Collaborators: The enemy within

Desperate for money to feed his family, Sami committed the most heinous crime in Palestinian eyes.

    Palestinians regard spying for Israel as a mortal sin

    The 22-year-old Gazan agreed to collaborate with Israel. He

    infiltrated an armed Palestinian group, passed information to

    the Israelis and defused bombs planted by his colleagues to kill

    Israeli soldiers on cross-border raids.


    In exchange, Sami obtained a prized Israeli transit permit

    and found steady work in the West Bank.


    He led a double life for three-and-a-half 

    years before being arrested a few months ago, and is now

    one of dozens of accused spies held in Palestinian Authority jails.


    They fear for their lives because of a rising public clamour

    for the liquidation of collaborators since Israel tracked down

    and assassinated Hamas leaders Sheikh Ahmed Yasin and

    Abd al-Aziz al-Rantisi.

    Did inside information lead to the
    Yasin and Rantisi assassinations?


    Israel's prowess in pinpointing the shadowy movements of

    armed resistance leaders and pre-empting some planned bomb

    attacks by catching perpetrators en route to their target is due

    partly to an increasingly effective network of Palestinian



    Summary executions


    Anti-Israeli groups have put to death at least 30 collaborators

    and in the wake of the Yasin and Rantisi killings in March and

    April threatened an unbridled campaign to wipe out any more they

    could find.


    Abu Qusai, a Gaza-based leader of the al-Aqsa Martyrs

    Brigades, part of Palestinian President Yasir Arafat's Fatah

    movement, puts the number of collaborators in the dozens rather

    than thousands as some Palestinian officials say.


    The Authority balks at summary executions to avoid the risk

    of killing the wrong man as happened in a 1990s crackdown.


    "I never thought I would be discovered," said Sami, in an

    interview inside the jail where he awaits trial. He faces a long



    He spoke softly and averted his face from the camera,

    betraying his shame and dread about the possible consequences of

    an offence for which some collaborators have been disowned by

    their families in this close-knit community.


    "I did not complete my studies because of the difficult

    financial situation," he said in a reference to poverty-stricken

    Gaza where unemployment exceeds 50%.


    "I decided I had to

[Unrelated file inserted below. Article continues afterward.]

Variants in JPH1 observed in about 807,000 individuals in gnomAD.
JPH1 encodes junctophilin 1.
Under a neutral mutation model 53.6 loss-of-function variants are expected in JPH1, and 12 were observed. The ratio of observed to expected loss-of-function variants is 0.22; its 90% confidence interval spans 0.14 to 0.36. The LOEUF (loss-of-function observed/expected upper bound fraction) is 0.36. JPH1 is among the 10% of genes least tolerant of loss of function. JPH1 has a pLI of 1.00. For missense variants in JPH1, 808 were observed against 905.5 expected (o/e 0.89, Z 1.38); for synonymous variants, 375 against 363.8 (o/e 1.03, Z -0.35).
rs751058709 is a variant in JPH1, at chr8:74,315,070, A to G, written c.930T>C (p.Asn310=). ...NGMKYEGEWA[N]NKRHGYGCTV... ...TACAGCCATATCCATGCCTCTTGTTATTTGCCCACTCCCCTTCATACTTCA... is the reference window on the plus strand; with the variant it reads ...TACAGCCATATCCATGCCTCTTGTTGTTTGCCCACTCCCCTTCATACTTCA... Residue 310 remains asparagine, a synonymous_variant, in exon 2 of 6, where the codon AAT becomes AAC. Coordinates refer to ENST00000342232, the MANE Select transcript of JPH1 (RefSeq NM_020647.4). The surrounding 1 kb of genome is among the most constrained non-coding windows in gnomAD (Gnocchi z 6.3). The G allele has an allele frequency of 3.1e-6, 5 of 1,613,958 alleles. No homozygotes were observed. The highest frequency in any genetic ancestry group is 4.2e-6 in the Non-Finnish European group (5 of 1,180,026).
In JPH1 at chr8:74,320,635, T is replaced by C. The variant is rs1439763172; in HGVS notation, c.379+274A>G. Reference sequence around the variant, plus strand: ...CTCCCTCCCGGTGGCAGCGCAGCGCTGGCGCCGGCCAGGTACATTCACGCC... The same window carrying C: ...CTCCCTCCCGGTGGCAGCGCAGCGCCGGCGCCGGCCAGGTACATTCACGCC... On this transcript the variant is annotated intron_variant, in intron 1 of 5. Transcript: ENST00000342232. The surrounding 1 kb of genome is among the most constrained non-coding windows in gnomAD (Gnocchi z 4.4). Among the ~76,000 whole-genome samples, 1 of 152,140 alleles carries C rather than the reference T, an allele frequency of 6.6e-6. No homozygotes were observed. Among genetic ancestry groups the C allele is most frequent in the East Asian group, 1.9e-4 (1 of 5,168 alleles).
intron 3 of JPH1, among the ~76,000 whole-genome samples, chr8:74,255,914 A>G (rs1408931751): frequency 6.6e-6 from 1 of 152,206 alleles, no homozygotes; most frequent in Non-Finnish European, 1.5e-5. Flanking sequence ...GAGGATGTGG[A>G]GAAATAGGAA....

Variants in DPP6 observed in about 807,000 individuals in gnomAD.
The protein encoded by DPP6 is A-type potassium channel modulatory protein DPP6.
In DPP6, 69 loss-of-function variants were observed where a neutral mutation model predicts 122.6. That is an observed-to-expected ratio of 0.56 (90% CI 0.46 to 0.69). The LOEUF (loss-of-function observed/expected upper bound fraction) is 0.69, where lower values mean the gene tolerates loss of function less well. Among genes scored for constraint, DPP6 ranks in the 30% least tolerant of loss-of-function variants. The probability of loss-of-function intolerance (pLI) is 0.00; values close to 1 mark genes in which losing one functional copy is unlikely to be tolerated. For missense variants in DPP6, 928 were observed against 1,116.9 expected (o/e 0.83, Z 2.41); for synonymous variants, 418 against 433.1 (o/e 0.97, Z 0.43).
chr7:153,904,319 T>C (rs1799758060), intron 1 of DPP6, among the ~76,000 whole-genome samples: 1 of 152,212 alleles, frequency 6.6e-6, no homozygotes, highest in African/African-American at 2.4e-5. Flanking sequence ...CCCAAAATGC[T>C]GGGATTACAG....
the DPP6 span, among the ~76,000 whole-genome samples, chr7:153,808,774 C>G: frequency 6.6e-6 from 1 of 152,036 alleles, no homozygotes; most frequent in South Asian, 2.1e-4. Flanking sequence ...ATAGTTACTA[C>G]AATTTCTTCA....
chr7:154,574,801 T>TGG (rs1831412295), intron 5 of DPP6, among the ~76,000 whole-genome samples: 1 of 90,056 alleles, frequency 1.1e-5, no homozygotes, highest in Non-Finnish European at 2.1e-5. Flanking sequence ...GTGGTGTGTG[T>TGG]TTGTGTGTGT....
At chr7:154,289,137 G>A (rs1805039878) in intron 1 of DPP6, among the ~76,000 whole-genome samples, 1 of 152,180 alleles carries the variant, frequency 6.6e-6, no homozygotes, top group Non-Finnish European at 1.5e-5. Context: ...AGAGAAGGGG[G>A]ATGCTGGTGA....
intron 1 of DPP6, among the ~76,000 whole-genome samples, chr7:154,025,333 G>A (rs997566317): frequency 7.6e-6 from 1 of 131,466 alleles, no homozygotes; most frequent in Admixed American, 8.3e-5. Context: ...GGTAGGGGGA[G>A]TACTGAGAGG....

get an Israeli permit to work in the West Bank to help my



    The price of a permit


    Sami's mission was to infiltrate an
    armed group and get information 

    The price, when he went to apply for a permit at an

    Israeli-controlled Gaza border crossing, was collaboration, he



    "The Israeli intelligence officer there asked me to search

    border areas for explosive devices (planted by the opposition groups) in

    anticipation of army incursions," said Sami, not his real name.


    To do so, he said he managed without difficulty to enter the

    ranks of an armed faction, which he did not identify, and win

    enough trust to join its armed wing.


    While on missions along the frontier with Israel near the

    volatile Palestinian refugee camp of Rafah in southern Gaza,

    Sami would deactivate explosives planted by fighters, some of

    whom belonged to the group he had joined.


    "The devices were very primitive and I used only to cut the

    wires leading to the detonators," he said. "I also used to tell

    (Israelis) about the locations of armed groups."


    Israel captured Gaza and the West Bank in the 1967 Middle

    East war. It granted Palestinians self-rule in their communities

    in 1993-94 but reoccupied wide areas after violence erupted in

    2000 in the wake of failed talks on Palestinian statehood.


    Palestinian security officials say Israeli intelligence

    officers have tried non-stop since then to recruit Palestinian

    workers and travellers at crossings under Israeli control in

    return for money, free movement and sex.


    Internal feuding


    Armed groups defend their executions of alleged turncoats in

    the West Bank by saying that Palestinian security forces seem

    powerless to act because they have been crippled by the Israeli

    army clampdown on the uprising or by their own internal feuding.


    The Palestinian Authority has sentenced many collaborators

    to death since 1994, but only three have been executed.



    lesser spies who turned themselves in and "talked" have been

    freed without charge.


    "Nobody dies of hunger here. But hundreds are

    dead because of information passed to Israel by collaborators"


    Palestinian security officer


    Security officials have urged militants to turn over

    suspects for investigation and prosecution rather than engage in

    vigilantism often driven by rumour, rather than hard evidence,

    or a desire to settle scores.


    Jailed collaborators tend to cite financial hardship for

    their recruitment by Israeli intelligence in its war with Palestinian

    factions leading the revolt for statehood.


    "That's no excuse. Ninety-nine percent of Palestinians are

    suffering financial problems. Does that make them potential

    collaborators? Of course not," said a senior Palestinian

    security officer.


    "Nobody dies of hunger here. But hundreds are

    dead because of information passed to Israel by collaborators."


    All affected families continue to receive welfare benefits

    from the Palestinian Authority and Islamic charities.


    Despite the risk, collaborators don't earn much.


    Sami said

    he used to collect around $220 from time to time

    at secret locations known as "dead zones".

    SOURCE: --Select a value--


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